25. Plan and elevation of the Villa Madama at Rome. From Vasari we learn that shortly after the death of Raphael in 1520, Cardinal Julio de Medicis engaged Julio Romano to construct this villa. The works were undertaken with great expedition, but were suspended in 1521 by the death of Leo X. Vasari adds, that after the death of Adrian VI, who succeeded Leo X, Julio de Medicis having been raised to the Papal chair in 1523, under the title of Clement VII, Julio Romano immediately recommenced the works in the Hall of Constantine at the Vatican; but he is silent on the subject of the Villa Madama, from which it may be concluded that the works were not then continued. Shortly after, in 1524, Julio Romano retired to Mantua; and in 1527 came the sacking of Rome, events which prevented the continuation of the works and caused them to remain in the incomplete state in which we now see them. The name Madama was given to this house because it belonged to Madame Margaret of Austria, natural daughter of Charles V, married at first to Alexander de Medicis, nephew of Clement VII, and afterwards to Octavio Farnese, duke of Parma. This villa has since become the property of the sovereigns of Naples, the inheritors of the House of Farnese.

26. Plan and façade of the Palace Stoppani, formerly Caffarelli, in Rome, near the Church of St. Andrea della Valle, commenced from the designs of Raphael; the upper story or attic appears to have been added after, as it does not appear in an ancient engraving of this façade published by Lafreri in 1549. Charles V resided in this palace during his sojourn in Rome.

27. Plan and elevation of the Palace of the Te, near Mantua, built in 1525 for Frederick de Gonzague first duke of Mantua; designed by Julio Romano, who was here architect, painter, and decorator. It is considered his greatest work, and unites to the imposing aspect of the exterior the most rich and elegant interior decoration.

28. Plan of a casino, built at Padua, near the Church del Santo, by Falconetto de Verona for the celebrated Louis Cornaro, surnamed Vita Sobria in consequence of the austerity of his principles and the sobriety of his life. An inscription over one of the arcades of the court gives the date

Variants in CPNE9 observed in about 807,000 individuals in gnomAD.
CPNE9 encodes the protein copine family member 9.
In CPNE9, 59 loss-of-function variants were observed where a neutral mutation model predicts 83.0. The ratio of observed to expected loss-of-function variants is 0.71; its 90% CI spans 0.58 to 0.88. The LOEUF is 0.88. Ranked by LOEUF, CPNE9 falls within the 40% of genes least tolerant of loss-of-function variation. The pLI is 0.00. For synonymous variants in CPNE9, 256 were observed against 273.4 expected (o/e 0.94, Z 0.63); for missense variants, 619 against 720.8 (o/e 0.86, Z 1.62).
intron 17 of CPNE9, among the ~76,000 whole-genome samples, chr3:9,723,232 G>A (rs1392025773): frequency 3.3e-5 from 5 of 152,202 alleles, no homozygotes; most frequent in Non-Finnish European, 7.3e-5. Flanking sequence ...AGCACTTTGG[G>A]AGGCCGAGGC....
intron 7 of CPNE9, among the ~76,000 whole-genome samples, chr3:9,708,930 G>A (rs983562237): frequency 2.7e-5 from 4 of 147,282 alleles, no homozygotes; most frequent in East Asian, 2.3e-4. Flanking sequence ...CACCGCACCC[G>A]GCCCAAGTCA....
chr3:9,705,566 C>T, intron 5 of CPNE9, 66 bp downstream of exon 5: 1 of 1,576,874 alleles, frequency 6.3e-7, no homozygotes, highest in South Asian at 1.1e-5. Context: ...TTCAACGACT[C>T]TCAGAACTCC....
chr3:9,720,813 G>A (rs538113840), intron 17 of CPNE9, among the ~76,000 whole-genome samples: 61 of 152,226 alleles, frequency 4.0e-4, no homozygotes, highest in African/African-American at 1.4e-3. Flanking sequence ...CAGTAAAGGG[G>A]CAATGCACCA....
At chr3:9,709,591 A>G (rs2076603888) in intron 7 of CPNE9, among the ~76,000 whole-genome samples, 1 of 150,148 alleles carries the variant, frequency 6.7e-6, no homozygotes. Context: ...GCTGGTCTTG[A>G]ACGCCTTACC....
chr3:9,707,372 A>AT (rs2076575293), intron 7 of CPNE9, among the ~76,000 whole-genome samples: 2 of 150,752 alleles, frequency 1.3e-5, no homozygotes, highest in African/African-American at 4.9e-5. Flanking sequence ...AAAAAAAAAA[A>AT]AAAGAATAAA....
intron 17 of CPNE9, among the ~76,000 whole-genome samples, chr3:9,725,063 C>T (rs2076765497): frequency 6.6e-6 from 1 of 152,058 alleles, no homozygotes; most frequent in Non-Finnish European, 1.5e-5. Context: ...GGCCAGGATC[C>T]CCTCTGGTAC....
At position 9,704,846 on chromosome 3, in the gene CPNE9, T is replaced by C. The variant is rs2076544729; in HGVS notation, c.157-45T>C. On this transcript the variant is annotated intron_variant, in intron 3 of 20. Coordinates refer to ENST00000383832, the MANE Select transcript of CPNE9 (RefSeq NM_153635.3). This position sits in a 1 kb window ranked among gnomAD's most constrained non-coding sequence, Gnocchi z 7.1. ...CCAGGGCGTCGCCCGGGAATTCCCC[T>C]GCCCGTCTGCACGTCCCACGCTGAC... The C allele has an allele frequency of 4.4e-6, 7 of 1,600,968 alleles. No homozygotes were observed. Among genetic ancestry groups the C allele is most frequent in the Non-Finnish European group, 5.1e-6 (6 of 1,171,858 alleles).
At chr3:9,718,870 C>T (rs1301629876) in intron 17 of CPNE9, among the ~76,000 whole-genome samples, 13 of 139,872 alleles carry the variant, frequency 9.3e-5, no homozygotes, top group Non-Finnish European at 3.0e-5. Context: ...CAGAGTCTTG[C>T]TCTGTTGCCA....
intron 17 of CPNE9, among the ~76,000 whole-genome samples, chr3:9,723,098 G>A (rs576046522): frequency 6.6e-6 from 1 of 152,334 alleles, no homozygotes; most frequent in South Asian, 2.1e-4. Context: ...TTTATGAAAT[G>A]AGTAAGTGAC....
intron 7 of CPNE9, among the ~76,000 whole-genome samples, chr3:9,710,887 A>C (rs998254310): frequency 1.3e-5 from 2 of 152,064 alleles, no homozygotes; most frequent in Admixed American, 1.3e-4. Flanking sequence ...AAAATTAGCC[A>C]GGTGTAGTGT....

Falconetto, painter and architect, was the first to introduce in the Venetian states the taste for antique architecture, and paved the way for the celebrated Palladio.

29. Façade of the Palace Canossa at Verona, built in 1530 for Louis Canossa, bishop of Baieux in France, and ambassador of Francis I to the Venetian republic. It is one of the finest works of Michael San Micheli of Verona, who excelled equally in civil architecture as he did in military architecture, of which he may be said to have been the creator. He died in 1559, aged 75 years.

30. Palace Cornaro at Venice, built by Jacques Tatti, called Sansovino, who was born in 1479, and died in 1570. In the arabesque character of this façade may be observed the taste which the Venetians had contracted in their continued communications with the East.

31. Principal façade of the Massimi Palace, called delle Colonne at Rome, built in 1532, according to Ferrerio, after the designs of Balthazar Peruzzi of Sienna, born in 1481, and died in 1536. He was at the same time painter, engineer, and architect.

32. Palace Sachetti, Rome, constructed for his own habitation by Antonio Sangallo the younger.

33. Plan of the ground floor of the Farnese Palace, one of the most imposing buildings of modern Rome, the work of Antonio Sangallo the younger, the nephew of Julian and Antonio Sangallo the elder. He greatly surpassed his masters, and by a number of remarkable works contributed to the perfectioning of an art which had become hereditary to his family.

34. Plan and elevation of the Villa di Papa Giulio III near Rome. This villa, commenced in 1550 by order of Giulio III, is the work of several artists. Vasari claims the invention and arrangement of the plan, which was revised and corrected by Michael Angelo. The subterranean fountain at the end of the court was executed under his direction and that of Ammanati, who afterwards erected the portico above it. The principal building, of which the façade is here given, is by Vignola. It is one of the first works in which he applied the principles he had derived from the study of the antique, and which he afterwards handed down to posterity in his treatise on the orders, and architect's manual.

35. Part of the plan of the building called Uffizi at Florence, with the façade next the Arno; erected from the designs of George Vasari d'Arezzo, born 1512, died in 1574. It is the principal architectural work of this artist, who, the friend and pupil of Michael Angelo, and protected by the Medicis, united to that art the practice of painting, and who further has penned and transmitted to posterity the name, life, and works of those who have professed the arts from the time of their revival to his own time.

36. Plan and elevation of the Palace of the Counts Chiericati at Vicenza, by Andrew Palladio, born in 1518, died in 1580. It is considered one of the most perfect of the many buildings with which Palladio embellished Vicenza.

37. Façade of a small house at Vicenza, said to have been inhabited by Palladio.